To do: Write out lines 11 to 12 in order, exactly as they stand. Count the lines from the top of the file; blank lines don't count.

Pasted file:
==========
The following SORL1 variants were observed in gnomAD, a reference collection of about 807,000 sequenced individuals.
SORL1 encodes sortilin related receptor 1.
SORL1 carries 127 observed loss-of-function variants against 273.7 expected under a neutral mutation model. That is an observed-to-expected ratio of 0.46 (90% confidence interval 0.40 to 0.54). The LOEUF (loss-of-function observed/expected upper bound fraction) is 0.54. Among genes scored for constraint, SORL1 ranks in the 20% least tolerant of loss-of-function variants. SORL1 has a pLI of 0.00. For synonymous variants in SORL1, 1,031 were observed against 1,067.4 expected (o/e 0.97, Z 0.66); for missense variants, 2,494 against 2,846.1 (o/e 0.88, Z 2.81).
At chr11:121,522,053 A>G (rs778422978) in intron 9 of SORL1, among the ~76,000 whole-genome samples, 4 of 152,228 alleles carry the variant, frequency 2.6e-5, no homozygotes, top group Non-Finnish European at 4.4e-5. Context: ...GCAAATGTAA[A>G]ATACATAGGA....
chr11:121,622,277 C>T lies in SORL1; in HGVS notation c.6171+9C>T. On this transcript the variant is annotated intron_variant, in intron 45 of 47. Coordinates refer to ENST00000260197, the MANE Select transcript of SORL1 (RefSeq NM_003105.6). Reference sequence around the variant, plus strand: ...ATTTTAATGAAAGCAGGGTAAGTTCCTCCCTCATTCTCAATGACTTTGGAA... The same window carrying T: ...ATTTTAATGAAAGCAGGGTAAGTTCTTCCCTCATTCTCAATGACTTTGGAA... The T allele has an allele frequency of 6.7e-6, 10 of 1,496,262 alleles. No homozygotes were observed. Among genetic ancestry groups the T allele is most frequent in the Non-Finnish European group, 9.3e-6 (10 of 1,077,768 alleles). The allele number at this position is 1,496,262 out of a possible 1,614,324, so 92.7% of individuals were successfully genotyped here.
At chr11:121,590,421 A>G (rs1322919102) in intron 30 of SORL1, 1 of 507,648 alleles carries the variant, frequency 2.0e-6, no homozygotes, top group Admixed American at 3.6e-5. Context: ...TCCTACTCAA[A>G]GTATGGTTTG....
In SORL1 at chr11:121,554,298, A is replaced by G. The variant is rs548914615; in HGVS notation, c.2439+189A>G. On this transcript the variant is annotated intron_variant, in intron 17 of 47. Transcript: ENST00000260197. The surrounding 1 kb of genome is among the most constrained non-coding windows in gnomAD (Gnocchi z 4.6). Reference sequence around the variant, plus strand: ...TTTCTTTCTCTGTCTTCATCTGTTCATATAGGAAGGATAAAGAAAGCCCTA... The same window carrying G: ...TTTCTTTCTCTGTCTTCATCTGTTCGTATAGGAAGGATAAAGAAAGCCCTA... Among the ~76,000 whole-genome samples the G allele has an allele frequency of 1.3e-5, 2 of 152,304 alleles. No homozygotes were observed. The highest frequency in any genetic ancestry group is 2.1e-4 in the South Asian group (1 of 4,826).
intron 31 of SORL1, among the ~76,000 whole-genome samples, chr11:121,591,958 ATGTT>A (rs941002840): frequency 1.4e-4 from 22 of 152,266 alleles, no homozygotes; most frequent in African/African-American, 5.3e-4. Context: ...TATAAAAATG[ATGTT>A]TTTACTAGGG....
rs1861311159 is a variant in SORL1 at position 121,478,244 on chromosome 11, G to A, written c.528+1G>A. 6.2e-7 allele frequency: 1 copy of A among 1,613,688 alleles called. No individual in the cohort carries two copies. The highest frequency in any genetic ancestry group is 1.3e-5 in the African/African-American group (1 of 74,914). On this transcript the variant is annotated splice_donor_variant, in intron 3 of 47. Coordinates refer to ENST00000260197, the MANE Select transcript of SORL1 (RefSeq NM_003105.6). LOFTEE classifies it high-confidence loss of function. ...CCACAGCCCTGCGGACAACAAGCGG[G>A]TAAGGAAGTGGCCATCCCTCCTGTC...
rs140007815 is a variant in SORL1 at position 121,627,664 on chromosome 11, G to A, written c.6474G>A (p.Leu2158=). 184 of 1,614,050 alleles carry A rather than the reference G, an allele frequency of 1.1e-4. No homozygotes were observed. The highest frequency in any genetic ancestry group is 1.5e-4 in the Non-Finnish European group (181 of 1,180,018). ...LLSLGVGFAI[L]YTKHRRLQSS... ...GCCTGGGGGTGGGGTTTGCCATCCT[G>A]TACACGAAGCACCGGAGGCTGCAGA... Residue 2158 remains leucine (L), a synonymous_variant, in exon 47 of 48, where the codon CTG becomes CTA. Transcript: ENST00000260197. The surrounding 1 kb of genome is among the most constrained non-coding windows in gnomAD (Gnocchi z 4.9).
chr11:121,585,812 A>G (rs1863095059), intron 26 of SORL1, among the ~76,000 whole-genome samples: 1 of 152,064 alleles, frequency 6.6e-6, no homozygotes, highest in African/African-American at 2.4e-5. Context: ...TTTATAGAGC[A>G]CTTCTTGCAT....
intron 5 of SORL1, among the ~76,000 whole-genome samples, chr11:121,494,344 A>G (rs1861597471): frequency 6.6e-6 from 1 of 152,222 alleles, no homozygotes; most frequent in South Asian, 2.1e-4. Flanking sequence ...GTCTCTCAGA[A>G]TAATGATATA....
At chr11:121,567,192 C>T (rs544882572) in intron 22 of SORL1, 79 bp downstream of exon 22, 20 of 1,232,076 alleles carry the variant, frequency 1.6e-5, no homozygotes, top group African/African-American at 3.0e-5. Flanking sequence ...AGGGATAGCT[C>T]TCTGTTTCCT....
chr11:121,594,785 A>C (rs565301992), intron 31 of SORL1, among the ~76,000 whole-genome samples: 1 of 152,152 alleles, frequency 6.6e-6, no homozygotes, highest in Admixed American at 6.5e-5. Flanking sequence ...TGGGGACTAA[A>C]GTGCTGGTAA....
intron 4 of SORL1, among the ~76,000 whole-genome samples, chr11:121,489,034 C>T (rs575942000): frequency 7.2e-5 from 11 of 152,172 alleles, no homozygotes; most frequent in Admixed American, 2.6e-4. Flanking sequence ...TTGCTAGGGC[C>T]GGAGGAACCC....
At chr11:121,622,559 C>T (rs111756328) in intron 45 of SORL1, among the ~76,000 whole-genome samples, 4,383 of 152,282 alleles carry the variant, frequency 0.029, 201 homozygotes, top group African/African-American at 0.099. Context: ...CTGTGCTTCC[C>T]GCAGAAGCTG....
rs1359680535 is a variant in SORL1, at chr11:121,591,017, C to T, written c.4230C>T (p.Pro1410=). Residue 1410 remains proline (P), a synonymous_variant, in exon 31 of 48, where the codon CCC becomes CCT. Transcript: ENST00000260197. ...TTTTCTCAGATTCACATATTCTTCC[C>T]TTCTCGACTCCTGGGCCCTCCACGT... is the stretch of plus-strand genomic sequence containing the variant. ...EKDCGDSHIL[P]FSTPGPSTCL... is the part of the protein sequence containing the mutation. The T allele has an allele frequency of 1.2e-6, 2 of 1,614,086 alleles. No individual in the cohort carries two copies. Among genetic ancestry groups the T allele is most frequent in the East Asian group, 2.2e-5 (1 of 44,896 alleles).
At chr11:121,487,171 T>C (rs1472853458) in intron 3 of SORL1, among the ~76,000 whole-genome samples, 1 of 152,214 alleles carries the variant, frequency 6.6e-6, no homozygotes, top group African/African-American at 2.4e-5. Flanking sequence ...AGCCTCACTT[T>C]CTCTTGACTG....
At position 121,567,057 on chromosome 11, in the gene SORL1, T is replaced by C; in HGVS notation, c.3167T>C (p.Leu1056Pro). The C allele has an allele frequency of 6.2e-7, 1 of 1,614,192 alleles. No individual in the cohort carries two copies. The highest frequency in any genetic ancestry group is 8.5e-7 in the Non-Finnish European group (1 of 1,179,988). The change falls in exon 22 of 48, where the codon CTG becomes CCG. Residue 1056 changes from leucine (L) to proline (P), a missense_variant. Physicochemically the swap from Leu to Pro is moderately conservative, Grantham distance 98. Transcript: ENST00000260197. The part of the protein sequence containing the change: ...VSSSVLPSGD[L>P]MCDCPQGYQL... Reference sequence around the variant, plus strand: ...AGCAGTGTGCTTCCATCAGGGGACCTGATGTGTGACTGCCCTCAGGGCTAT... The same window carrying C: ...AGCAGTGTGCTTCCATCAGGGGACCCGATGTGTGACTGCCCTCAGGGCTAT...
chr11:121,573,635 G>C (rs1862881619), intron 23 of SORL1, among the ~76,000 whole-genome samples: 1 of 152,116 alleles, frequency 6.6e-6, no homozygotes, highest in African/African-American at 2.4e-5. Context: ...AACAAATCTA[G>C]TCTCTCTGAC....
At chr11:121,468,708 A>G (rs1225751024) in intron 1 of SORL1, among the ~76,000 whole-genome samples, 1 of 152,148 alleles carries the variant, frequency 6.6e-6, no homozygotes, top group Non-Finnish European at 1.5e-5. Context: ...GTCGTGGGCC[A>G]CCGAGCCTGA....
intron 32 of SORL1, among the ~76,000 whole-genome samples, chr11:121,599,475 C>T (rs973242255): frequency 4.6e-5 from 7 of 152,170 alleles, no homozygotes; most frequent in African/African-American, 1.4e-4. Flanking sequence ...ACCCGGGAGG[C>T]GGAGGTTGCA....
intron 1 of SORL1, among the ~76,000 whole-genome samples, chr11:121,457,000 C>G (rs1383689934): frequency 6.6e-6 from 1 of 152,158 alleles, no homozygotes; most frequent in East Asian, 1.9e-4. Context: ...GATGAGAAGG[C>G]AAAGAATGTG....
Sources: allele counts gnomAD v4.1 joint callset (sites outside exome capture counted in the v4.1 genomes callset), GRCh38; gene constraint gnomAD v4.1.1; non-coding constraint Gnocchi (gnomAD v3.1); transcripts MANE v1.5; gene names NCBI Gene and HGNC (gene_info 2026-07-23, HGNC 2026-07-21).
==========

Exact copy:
chr11:121,585,812 A>G (rs1863095059), intron 26 of SORL1, among the ~76,000 whole-genome samples: 1 of 152,064 alleles, frequency 6.6e-6, no homozygotes, highest in African/African-American at 2.4e-5. Context: ...TTTATAGAGC[A>G]CTTCTTGCAT....
intron 5 of SORL1, among the ~76,000 whole-genome samples, chr11:121,494,344 A>G (rs1861597471): frequency 6.6e-6 from 1 of 152,222 alleles, no homozygotes; most frequent in South Asian, 2.1e-4. Flanking sequence ...GTCTCTCAGA[A>G]TAATGATATA....